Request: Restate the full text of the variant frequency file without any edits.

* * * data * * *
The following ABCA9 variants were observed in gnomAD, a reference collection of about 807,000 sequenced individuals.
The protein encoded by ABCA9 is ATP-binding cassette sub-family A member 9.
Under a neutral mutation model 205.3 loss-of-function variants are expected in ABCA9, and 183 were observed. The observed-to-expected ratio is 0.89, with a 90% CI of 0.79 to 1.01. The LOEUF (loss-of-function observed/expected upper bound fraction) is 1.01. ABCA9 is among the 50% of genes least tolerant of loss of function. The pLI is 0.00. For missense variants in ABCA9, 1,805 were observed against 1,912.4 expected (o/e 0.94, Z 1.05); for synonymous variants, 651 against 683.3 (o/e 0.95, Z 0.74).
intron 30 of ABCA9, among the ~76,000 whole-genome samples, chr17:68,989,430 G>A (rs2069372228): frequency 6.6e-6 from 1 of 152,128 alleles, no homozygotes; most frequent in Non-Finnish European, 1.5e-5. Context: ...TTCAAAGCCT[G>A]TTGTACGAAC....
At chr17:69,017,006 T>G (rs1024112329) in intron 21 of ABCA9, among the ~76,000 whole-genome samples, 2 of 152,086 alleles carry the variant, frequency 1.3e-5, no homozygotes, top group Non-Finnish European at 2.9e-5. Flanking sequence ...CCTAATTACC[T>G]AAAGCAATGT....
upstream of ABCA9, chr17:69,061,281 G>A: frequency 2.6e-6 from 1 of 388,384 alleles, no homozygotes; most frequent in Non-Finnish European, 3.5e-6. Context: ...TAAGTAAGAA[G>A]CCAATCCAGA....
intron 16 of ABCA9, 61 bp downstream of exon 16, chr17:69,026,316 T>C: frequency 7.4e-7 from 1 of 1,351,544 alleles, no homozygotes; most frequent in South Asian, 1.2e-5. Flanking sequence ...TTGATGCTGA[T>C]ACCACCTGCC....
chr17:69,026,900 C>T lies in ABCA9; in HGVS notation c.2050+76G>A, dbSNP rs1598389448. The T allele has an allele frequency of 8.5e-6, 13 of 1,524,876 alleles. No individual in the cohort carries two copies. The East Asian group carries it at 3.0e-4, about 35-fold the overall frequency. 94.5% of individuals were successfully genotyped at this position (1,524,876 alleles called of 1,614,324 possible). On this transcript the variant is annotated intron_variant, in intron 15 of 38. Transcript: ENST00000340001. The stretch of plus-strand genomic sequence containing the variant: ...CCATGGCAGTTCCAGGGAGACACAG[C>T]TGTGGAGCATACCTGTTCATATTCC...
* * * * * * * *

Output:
The following ABCA9 variants were observed in gnomAD, a reference collection of about 807,000 sequenced individuals.
The protein encoded by ABCA9 is ATP-binding cassette sub-family A member 9.
Under a neutral mutation model 205.3 loss-of-function variants are expected in ABCA9, and 183 were observed. The observed-to-expected ratio is 0.89, with a 90% CI of 0.79 to 1.01. The LOEUF (loss-of-function observed/expected upper bound fraction) is 1.01. ABCA9 is among the 50% of genes least tolerant of loss of function. The pLI is 0.00. For missense variants in ABCA9, 1,805 were observed against 1,912.4 expected (o/e 0.94, Z 1.05); for synonymous variants, 651 against 683.3 (o/e 0.95, Z 0.74).
intron 30 of ABCA9, among the ~76,000 whole-genome samples, chr17:68,989,430 G>A (rs2069372228): frequency 6.6e-6 from 1 of 152,128 alleles, no homozygotes; most frequent in Non-Finnish European, 1.5e-5. Context: ...TTCAAAGCCT[G>A]TTGTACGAAC....
At chr17:69,017,006 T>G (rs1024112329) in intron 21 of ABCA9, among the ~76,000 whole-genome samples, 2 of 152,086 alleles carry the variant, frequency 1.3e-5, no homozygotes, top group Non-Finnish European at 2.9e-5. Flanking sequence ...CCTAATTACC[T>G]AAAGCAATGT....
upstream of ABCA9, chr17:69,061,281 G>A: frequency 2.6e-6 from 1 of 388,384 alleles, no homozygotes; most frequent in Non-Finnish European, 3.5e-6. Context: ...TAAGTAAGAA[G>A]CCAATCCAGA....
intron 16 of ABCA9, 61 bp downstream of exon 16, chr17:69,026,316 T>C: frequency 7.4e-7 from 1 of 1,351,544 alleles, no homozygotes; most frequent in South Asian, 1.2e-5. Flanking sequence ...TTGATGCTGA[T>C]ACCACCTGCC....
chr17:69,026,900 C>T lies in ABCA9; in HGVS notation c.2050+76G>A, dbSNP rs1598389448. The T allele has an allele frequency of 8.5e-6, 13 of 1,524,876 alleles. No individual in the cohort carries two copies. The East Asian group carries it at 3.0e-4, about 35-fold the overall frequency. 94.5% of individuals were successfully genotyped at this position (1,524,876 alleles called of 1,614,324 possible). On this transcript the variant is annotated intron_variant, in intron 15 of 38. Transcript: ENST00000340001. The stretch of plus-strand genomic sequence containing the variant: ...CCATGGCAGTTCCAGGGAGACACAG[C>T]TGTGGAGCATACCTGTTCATATTCC...